David Hinds discusses “Power Sharing”

“African Guyanese call for Power Sharing is an affirmation of human and birth rights.”

By Dr. David Hinds  –
Special To News Americas  – http://www.newsamericasnow.com

Born in Buxton, David Hinds is a professor of Caribbean and African Diaspora studies at Arizona State University and executive member of the Working People’s Alliance (WPA). More of his writings can be found on his website at:  www.guyanacaribbeanpolitics.com
News Americas, PHOENIX, Arizona, Weds. May 4, 2011:

When I came out in support of Tacuma Ogunseye’s call for African Guyanese to take to the streets in Guyana to demand power sharing, I did so because I sensed that people were playing politics with the issue. Let me preface today’s offering with a few general observations.

First, I make a distinction between the Indian masses whose lives are as miserable as Africans and the Indian government which is as unaccountable to Indians as it is to the Africans. Second, I do not blame the Indian people for the plight of Africans; in the same way I don’t blame the African people for the suffering of Indians under the PNC. In both cases I hold the governments responsible for the excesses. Third, nobody can seriously accuse me of remaining quiet when Indian people are under attack–my record speaks for itself.

Fourth, I am not advocating violence against Indian people or the Indian government. That is the worst solution; all of us will be consumed. I am instead supporting African defiance and militancy against those who are intent on confining their role in Guyana to something called “opposition.” Fifth, I do not absolve African people from fault for our collective condition. But our problem is not simply that we like to party and spend lavishly as some Indians think. Our problem is that we have not cherished enough who we are – self-love. Finally, I am sure the cynics in our midst will say that I do not speak for African Guyanese. That is their business. I speak as an African Guyanese. When I put my life on the line to fight and help bring down an African Guyanese government, I never did so to install an Indian Guyanese government. We in the WPA fought for a Government of National unity. So I am not a “just come” to power sharing.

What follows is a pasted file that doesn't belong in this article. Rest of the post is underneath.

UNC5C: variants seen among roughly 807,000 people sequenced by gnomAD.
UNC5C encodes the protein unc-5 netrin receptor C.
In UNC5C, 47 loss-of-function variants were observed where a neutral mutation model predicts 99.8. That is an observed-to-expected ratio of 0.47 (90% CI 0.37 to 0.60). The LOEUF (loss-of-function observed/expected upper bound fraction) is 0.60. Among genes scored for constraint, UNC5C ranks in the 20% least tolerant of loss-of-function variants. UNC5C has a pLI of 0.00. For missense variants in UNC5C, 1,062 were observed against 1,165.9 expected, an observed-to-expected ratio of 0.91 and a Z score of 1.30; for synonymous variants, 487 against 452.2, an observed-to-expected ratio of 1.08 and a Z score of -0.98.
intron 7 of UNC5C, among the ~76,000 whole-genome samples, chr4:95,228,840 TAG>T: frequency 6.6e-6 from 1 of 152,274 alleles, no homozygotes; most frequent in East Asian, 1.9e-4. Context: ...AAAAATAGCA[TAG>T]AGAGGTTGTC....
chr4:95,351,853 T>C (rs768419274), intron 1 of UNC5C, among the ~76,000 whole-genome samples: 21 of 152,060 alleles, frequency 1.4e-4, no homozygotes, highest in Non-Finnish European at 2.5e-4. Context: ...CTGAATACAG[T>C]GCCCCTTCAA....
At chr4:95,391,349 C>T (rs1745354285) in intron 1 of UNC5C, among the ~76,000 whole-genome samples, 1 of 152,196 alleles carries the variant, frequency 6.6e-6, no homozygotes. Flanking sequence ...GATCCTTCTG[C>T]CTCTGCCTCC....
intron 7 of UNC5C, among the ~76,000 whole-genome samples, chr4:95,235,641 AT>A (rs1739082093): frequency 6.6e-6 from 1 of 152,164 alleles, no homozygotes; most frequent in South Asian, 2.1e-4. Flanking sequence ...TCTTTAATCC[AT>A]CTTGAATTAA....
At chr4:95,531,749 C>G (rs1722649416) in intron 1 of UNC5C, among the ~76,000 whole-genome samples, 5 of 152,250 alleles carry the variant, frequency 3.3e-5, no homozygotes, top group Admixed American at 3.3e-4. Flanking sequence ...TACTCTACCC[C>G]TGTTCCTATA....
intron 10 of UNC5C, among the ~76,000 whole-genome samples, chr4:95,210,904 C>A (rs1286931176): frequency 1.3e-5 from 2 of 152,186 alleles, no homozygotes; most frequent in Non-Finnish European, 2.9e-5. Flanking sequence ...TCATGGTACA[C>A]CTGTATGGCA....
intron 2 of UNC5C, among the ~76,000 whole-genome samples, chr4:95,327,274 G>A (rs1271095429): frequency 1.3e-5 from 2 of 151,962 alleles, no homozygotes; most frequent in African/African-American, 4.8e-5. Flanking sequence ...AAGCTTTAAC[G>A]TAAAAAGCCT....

Despite attempts to frame it in violent and racist terms, Tacuma Ogunseye’s call has served the purpose of putting the question of race and governance back on sensible footing. From Eusi Kwayana’s call in 1961 for joint premiership to the PPP’s call for a National Patriotic Front in 1977 to the WPA’s 1979 proposal for a Government of National Unity and Reconstruction to the PNC’s call for Shared Governance in 2002, the issue of power sharing has been about how to achieve security for all races beginning at the political level. All of the proposals I referenced above started from the position that intra-racial solidarity is a given in our political culture. Kwayana captured the essence of problem in 1961 this way: “We have known all along that the Indians would not trust a Black leader and that the Africans would not trust an Indian leader.” That reading was correct in 1961 and it is even more correct fifty years later….    more

Read full article here: http://www.newsamericasnow.com/african-guyanese-call-for-power-sharing-is-an-affirmation-of-human-and-birth-rights/